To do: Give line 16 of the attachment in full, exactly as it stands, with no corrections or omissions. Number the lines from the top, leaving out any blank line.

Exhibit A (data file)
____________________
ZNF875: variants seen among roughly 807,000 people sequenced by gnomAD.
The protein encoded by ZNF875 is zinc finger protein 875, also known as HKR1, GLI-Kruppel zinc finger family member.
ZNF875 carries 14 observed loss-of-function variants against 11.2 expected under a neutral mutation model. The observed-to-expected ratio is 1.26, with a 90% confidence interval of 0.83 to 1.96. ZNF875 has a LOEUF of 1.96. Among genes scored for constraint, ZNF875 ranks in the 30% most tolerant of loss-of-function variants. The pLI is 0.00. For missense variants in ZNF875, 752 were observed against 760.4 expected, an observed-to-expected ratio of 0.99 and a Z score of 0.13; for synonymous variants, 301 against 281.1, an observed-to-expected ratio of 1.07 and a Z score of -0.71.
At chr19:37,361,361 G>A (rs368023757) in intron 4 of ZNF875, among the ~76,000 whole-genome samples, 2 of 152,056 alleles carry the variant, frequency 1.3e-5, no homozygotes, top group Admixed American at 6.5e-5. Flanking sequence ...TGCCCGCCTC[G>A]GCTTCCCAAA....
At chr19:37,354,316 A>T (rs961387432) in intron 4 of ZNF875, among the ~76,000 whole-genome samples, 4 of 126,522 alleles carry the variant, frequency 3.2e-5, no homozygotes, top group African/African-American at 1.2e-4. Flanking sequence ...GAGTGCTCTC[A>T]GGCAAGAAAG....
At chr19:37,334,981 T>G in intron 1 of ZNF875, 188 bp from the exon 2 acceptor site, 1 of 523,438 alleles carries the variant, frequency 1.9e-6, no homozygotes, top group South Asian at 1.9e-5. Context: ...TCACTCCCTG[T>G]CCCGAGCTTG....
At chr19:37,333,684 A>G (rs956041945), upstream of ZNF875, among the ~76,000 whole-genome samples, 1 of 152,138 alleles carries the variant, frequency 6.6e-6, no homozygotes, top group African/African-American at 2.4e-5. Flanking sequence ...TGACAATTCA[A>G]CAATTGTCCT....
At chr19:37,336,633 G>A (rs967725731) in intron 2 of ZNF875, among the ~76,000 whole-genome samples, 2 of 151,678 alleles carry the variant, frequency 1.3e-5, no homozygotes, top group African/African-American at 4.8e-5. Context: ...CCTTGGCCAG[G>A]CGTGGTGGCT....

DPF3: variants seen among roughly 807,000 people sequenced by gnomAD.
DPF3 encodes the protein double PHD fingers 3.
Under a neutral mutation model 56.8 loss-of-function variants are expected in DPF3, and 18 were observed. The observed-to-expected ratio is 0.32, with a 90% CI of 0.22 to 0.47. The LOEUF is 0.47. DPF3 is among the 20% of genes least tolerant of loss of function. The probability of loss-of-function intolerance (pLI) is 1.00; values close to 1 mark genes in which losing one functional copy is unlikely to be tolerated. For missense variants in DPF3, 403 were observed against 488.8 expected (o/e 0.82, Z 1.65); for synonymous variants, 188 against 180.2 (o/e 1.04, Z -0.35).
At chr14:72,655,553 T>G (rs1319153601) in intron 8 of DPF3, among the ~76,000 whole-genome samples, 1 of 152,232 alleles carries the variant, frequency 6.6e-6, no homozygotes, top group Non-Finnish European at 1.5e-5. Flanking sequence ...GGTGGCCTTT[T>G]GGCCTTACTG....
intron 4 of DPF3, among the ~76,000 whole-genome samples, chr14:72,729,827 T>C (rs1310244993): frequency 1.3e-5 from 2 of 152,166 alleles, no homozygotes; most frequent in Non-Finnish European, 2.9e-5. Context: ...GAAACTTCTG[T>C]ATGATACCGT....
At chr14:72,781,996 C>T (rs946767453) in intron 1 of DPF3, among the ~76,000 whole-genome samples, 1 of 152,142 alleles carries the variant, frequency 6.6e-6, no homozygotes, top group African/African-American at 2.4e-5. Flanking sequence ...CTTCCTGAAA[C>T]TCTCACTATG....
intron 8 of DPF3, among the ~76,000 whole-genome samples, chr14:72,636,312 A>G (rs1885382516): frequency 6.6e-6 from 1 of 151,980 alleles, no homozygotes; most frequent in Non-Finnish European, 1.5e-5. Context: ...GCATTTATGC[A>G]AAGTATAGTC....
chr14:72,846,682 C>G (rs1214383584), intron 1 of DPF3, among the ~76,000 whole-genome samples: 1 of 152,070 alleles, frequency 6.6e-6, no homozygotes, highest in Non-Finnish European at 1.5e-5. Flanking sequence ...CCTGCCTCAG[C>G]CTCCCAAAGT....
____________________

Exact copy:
chr14:72,846,682 C>G (rs1214383584), intron 1 of DPF3, among the ~76,000 whole-genome samples: 1 of 152,070 alleles, frequency 6.6e-6, no homozygotes, highest in Non-Finnish European at 1.5e-5. Flanking sequence ...CCTGCCTCAG[C>G]CTCCCAAAGT....